Why we must focus on the 2010 state elections

The Republican Party needs to regroup and regroup fast. While there has been an argument to make the party more centrists, I think this argument is lost both on value and sentiments. The Republican Party cannot win more votes if it disenfranchises its most active (in terms of word of mouth support as well as get out the vote effort) faction, the Christian conservatives. Every poll thus far have suggested that the Republican voters want to make the party more conservative, more right leaning rather center leaning. Those who can still remain Republican with this shift should do so, those who cannot should consider whether the Democrats or the Libertarians have what it takes to win their vote, or even whether they should sit out of the next election. Meanwhile the Republicans should proceed with preparations for the 2010 state elections because this election will have at least a decade long consequence.

Why are the 2010 state elections so important? Because the next census will be conducted in 2010, and electoral changes will be reflected in the 2012 election. That means who ever is in charge of the states when the districts are redrawn will be doing so.

From Wikipedia the following states are expected to change:

Probable Gainers: Texas (4)Arizona (2)Florida (2)Georgia (1)Nevada (1)North Carolina (1)Oregon (1)South Carolina (1)Utah (1)Probable Losers:New York (2)Ohio (2)California (1)Illinois (1)Louisiana (1)Massachusetts (1)Michigan (1)Minnesota (1)Missouri (1)New Jersey (1)Pennsylvania (1)Iowa (1)

Obviously more effort should be placed in states expected to gain, but even effort will be required in states expected to lose as their congressional district map will also be redrawn.

Considerations regarding priority should also weigh which states will Republicans have the best chances. For this I referenced Jay Cost’s recent post on 2008 polarization of the PotUS election. I recognize that many states may have voted for Obama that remain in Republican control but Jay’s evaluation looks at how far the state population voted away from the national mean, thus providing a window at the trend for these states. From his analysis, I then categorized states as either red or blue, the remainder are listed as neutral leaners.

Thus cross referring the expected 2010 census winners and Jay’s analysis i get the following:

  1. Neutral states gaining representations: Texas (4), Arizona (2), Florida(2), Georgia (1), Nevada (1), North Carolina (1), Oregon (1), and South Carolina (1)
  2. Red state gaining representations: Utah (1)
  3. Neutral states losing representations: New York (2), Ohio (2), California (1), Illinois (1), Massachusetts (1), Michigan (1), Minnesota (1), Missouri (1), New Jersey (1), Pennsylvania (1), and Iowa (1)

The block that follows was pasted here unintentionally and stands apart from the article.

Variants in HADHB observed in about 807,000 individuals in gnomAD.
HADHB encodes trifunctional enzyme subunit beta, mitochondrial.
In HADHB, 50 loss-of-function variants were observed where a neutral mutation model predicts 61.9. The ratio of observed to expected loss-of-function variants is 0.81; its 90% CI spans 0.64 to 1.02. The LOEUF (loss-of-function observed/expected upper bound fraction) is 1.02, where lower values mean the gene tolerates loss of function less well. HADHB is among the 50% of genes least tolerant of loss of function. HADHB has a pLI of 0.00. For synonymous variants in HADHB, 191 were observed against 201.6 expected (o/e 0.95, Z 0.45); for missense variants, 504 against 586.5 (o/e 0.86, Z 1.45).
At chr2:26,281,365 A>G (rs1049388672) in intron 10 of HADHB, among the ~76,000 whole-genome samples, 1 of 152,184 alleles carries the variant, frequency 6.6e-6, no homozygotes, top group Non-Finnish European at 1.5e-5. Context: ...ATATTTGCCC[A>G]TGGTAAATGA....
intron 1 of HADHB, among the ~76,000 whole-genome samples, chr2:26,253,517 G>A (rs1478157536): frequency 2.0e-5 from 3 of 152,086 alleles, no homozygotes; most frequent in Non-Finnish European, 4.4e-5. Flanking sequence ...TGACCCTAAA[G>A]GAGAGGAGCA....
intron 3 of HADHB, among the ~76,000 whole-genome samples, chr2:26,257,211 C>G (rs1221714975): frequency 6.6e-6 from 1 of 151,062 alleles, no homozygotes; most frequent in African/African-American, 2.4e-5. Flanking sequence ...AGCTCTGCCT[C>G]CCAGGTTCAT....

4. Red state losing representations: Louisiana (1),
  5. Blue states gaining representations: none
  6. Blue states losing representations: none

I ranked neutral states gaining representations first because these states will also be in play for the Democrats, thus these states are where the Republicans must make the greatest efforts. Second is the state (Utah) where Republican will likely win if sufficient attention and effort is made. Third are neutral states where the Republicans cannot lose if they do not want to be redistricted out of representation. Fourth is the state (Louisiana) where Republicans will likely maintain representations as long as they can maintain control. Note that no solid Blue states are expected to gain or lose representation.

For Democrats, they too will focus on the neutral states expected to gain or lose. But because none of the Blue states are expected to gain or lose, they will be able to place resources to win in Red states changing. However, I believe that Republicans retain the advantage if you look at the following map.

Neutral states that leaned red expecting to gain representations are Texas (4), Arizona (2), Georgia (1), South Carolina (1), and Utah (1) for a total of 9. Neutral states that leaned blue expecting to gain representation are Florida (2), Nevada (1), North Carolina (1), and Oregon (1) for a total of 5. For the moment if we assume that the new district goes along with the color of the states, this would mean a net gain of 4 for Republicans.

Neutral states that leaned red expecting to lose representations are Louisiana (1), and Missouri (1) for a total 2. Neutral states that leaned blue expecting to lose representations are New York (2), Ohio (2), California (1), Illinois (1), Massachusetts (1), Michigan (1), Minnesota (1), New Jersey (1), and Pennsylvania (1) for a total of 11. Assuming that the party in power based on the state leaning redraws the map to exclude their political opponent, this means a potential net loss of up to 9 congressional seats for the Republicans.

If the Republicans cannot control the redrawing of the congressional district, they could lose an upward of 5 seats before 2012 election season even roll around.